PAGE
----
There’s one thing left to do. That is to install GRUB. In theory, with certain GRUB configurations you may skip this step and try to boot your restored Linux installation right away. However, based on my experience, you better do this step and make sure everything works no matter what configuration you have. So, here’s what we do.

We start with mounting the newly restored file-system. However, to be able to mount the partition, we have to create a temporary mount point directory. So, this is what we do.

knoppix@Microknoppix:~$ mkdir /tmp/sda1
knoppix@Microknoppix:~$ sudo mount /dev/sda1 /tmp/sda1/

And now we can install GRUB. This is how we do it.

knoppix@Microknoppix:~$ sudo grub-install --root-directory=/tmp/sda1 /dev/sda

This command installs GRUB on /dev/sda. –root-directory command line switch tells grub-install to use kernel images and configuration from specified directory. We want to tell grub-install to use kernel images and configuration from the Linux installation that we’ve just restored. This is why I specified /tmp/sda1 as root directory.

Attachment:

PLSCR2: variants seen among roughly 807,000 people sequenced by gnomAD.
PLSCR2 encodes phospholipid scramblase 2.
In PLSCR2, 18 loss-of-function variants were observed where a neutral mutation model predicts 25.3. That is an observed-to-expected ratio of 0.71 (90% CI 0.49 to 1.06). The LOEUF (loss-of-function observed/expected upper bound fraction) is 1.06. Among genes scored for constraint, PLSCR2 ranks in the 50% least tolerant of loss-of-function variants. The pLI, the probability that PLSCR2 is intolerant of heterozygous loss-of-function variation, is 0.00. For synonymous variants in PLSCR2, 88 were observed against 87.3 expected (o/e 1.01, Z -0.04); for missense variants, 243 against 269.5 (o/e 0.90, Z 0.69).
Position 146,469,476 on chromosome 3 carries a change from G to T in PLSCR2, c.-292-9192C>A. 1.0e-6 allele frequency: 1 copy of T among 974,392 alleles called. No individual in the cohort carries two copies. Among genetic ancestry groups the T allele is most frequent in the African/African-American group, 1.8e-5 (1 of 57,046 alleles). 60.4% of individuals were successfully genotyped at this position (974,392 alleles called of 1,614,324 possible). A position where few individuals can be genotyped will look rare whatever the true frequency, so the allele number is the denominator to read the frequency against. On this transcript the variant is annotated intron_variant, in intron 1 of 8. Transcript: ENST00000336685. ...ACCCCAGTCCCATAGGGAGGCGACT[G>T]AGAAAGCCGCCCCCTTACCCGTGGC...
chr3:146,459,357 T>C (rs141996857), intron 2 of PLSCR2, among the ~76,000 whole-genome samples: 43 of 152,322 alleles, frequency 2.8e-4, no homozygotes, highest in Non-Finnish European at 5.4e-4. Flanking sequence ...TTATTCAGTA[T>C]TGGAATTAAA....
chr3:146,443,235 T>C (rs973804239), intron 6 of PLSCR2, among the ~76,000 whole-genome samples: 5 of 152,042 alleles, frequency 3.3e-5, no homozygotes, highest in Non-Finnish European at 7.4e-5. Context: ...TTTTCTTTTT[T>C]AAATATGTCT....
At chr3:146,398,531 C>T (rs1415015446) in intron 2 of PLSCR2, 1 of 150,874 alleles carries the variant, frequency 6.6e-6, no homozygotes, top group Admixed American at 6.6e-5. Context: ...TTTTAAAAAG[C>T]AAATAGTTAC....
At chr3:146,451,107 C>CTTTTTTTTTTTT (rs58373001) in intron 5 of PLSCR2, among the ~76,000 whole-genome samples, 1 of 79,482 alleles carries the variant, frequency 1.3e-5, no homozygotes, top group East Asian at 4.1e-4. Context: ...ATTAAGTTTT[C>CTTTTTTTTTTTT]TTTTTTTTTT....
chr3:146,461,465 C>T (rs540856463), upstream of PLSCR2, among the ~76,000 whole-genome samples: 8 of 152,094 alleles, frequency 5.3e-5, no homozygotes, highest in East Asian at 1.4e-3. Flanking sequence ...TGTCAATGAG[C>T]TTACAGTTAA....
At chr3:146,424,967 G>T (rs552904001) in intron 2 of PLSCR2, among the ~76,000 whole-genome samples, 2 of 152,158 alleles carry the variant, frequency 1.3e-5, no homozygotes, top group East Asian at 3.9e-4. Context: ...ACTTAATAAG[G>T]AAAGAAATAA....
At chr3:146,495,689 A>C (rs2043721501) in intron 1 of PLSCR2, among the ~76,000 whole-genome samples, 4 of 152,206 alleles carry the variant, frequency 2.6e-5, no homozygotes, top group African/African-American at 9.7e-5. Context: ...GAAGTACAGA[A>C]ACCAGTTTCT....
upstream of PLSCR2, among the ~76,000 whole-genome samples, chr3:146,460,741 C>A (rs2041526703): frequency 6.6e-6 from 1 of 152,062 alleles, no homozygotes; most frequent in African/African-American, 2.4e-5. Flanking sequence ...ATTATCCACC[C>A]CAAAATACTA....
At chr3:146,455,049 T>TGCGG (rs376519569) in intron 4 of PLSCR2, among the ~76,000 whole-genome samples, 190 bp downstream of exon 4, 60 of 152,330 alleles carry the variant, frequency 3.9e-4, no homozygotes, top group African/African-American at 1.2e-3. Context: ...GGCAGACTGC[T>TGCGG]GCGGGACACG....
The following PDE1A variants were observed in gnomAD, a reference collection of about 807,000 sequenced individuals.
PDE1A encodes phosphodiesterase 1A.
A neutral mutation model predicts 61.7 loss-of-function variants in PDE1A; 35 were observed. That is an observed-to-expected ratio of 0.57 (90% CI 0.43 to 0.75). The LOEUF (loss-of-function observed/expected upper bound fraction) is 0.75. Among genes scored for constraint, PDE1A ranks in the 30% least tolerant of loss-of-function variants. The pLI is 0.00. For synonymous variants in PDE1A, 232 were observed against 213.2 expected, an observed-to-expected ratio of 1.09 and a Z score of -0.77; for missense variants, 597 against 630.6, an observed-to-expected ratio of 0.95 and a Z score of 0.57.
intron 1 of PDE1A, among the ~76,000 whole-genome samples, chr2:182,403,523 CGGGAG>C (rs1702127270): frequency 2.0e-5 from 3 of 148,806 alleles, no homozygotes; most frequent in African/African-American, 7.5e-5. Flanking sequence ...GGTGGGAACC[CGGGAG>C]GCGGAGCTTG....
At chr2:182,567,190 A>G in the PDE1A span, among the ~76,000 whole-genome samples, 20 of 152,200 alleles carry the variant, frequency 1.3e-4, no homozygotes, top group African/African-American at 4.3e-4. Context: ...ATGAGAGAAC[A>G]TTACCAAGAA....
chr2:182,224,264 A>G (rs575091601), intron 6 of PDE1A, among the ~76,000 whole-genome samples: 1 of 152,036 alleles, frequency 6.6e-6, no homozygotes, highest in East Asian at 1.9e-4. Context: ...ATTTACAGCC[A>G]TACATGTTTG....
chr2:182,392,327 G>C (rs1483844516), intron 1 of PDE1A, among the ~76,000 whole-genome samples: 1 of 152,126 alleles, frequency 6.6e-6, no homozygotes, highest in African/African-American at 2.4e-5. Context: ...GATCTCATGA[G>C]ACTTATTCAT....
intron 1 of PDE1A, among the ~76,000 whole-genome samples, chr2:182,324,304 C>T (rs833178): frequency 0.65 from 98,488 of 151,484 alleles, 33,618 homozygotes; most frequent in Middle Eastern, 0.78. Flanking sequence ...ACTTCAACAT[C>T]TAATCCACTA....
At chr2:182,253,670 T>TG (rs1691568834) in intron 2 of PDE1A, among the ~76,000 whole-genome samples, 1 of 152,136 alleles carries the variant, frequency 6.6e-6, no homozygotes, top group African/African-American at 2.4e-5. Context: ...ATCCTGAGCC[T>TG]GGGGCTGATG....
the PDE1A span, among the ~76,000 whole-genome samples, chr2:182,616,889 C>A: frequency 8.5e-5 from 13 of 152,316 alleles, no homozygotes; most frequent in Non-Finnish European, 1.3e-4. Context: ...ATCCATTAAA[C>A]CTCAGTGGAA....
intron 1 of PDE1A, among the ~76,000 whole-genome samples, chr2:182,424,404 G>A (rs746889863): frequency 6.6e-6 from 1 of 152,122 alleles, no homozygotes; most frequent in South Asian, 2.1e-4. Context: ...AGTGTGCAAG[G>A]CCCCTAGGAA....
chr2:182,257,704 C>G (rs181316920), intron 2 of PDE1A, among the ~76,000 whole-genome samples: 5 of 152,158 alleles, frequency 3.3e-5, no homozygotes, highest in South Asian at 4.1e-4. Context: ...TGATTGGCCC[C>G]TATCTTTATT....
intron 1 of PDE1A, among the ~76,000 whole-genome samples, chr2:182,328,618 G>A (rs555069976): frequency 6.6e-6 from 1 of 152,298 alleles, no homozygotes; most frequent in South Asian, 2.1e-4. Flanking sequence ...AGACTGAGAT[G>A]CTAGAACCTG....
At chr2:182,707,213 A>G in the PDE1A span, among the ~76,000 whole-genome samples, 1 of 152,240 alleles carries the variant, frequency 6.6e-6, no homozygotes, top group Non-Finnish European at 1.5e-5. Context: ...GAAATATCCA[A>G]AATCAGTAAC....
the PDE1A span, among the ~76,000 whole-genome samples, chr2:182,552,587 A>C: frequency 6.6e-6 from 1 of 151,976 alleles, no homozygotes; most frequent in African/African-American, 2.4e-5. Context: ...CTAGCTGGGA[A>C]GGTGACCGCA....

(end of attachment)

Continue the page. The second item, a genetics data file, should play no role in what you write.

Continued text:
Finally, we want to unmount the device and reboot. This is what we do:

knoppix@Microknoppix:~$ umount /tmp/sda1
knoppix@Microknoppix:~$ sudo reboot

This is it. Now, if everything goes well, your system should boot into restored Linux installation. Just remember to remove the Live CD from the CD-ROM, before you boot.

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2 Comments

  1. Faulteh says:

    I’ve been doing something similar to this for a while, but over the network to a large fileserver. To backup:

    dd if=/dev/sda1 bs=1k | ssh user@backupserver ‘bzip2 -c >hostname.sda1.ddimg.bz2’

    and restore:
    bzip2 -c -d hostname.sda1.ddimg.bz2 | ssh user@targetip ‘dd of=/dev/sda1’

    The value of bs=1k or 1200 means it will fill up a TCP packet with more data so less network overhead.

  2. K.Gunasekar says:

    I really enjoyed to read this article. I hope it will help several people including me. Great………..